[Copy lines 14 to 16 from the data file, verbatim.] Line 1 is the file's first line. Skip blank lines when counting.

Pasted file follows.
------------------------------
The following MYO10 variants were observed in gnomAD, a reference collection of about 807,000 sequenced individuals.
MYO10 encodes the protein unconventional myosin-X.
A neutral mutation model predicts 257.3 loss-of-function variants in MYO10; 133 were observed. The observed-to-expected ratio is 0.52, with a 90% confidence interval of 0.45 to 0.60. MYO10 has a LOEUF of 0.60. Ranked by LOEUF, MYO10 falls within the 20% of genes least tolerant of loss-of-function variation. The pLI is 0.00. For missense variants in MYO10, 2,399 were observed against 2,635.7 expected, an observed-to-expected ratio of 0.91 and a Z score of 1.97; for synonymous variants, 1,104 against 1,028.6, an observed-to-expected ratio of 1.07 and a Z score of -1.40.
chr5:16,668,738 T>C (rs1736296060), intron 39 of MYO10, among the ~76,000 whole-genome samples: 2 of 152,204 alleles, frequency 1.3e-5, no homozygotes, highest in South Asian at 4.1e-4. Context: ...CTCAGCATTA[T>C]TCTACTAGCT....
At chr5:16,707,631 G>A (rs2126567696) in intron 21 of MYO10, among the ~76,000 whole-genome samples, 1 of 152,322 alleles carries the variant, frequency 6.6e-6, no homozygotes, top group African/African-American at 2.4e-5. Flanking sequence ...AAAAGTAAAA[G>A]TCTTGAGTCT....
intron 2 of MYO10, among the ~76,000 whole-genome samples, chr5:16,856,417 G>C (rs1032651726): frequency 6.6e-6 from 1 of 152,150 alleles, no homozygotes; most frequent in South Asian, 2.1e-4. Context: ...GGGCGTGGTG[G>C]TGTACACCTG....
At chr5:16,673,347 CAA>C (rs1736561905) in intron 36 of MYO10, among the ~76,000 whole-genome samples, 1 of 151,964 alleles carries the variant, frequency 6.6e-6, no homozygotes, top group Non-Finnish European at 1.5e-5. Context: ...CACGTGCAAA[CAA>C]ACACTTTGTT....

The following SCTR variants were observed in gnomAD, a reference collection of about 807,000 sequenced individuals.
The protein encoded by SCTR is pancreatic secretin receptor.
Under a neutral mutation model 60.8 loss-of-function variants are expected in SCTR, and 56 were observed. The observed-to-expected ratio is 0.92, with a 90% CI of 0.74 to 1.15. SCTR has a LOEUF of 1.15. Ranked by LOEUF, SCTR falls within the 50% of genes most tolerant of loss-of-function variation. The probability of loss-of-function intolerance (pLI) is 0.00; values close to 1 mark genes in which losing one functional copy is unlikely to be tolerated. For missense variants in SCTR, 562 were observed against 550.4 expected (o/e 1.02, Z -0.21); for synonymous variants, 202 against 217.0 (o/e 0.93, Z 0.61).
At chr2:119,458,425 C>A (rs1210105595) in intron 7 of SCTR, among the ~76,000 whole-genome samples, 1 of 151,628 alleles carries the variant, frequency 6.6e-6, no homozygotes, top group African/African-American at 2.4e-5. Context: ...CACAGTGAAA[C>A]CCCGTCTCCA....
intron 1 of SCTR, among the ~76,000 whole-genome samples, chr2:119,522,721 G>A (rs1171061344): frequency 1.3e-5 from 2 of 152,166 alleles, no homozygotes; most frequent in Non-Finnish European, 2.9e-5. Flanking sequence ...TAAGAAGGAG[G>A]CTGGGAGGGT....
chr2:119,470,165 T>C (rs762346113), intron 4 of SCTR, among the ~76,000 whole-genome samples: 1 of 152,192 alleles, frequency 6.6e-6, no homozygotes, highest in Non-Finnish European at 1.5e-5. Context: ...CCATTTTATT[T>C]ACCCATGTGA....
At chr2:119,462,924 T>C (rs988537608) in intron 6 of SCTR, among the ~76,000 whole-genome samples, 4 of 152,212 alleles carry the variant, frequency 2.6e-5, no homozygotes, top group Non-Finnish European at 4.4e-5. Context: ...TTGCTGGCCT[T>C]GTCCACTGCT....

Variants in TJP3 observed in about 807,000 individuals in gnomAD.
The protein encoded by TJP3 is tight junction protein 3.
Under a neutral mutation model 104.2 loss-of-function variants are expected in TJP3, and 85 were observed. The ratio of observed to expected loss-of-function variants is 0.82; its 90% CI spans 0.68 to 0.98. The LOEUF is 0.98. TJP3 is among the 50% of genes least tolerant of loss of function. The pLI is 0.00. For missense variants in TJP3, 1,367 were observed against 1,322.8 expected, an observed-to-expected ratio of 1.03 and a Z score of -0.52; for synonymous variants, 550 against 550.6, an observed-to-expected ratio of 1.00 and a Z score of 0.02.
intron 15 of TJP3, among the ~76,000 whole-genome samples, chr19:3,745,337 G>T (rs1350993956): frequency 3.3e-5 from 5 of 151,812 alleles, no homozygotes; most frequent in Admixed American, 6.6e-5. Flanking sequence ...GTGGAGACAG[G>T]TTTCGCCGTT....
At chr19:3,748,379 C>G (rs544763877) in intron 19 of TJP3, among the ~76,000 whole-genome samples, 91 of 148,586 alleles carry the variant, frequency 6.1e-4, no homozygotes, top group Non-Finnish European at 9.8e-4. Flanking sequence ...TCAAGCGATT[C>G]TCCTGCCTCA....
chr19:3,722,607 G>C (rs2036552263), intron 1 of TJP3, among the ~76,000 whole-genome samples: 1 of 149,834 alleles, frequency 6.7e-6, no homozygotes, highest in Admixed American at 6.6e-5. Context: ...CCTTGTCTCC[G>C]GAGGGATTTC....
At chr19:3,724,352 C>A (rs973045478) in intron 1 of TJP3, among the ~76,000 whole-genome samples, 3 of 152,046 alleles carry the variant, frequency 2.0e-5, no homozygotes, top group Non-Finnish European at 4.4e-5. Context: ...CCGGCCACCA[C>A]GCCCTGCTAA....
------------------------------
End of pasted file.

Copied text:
At chr2:119,462,924 T>C (rs988537608) in intron 6 of SCTR, among the ~76,000 whole-genome samples, 4 of 152,212 alleles carry the variant, frequency 2.6e-5, no homozygotes, top group Non-Finnish European at 4.4e-5. Context: ...TTGCTGGCCT[T>C]GTCCACTGCT....

Variants in TJP3 observed in about 807,000 individuals in gnomAD.
The protein encoded by TJP3 is tight junction protein 3.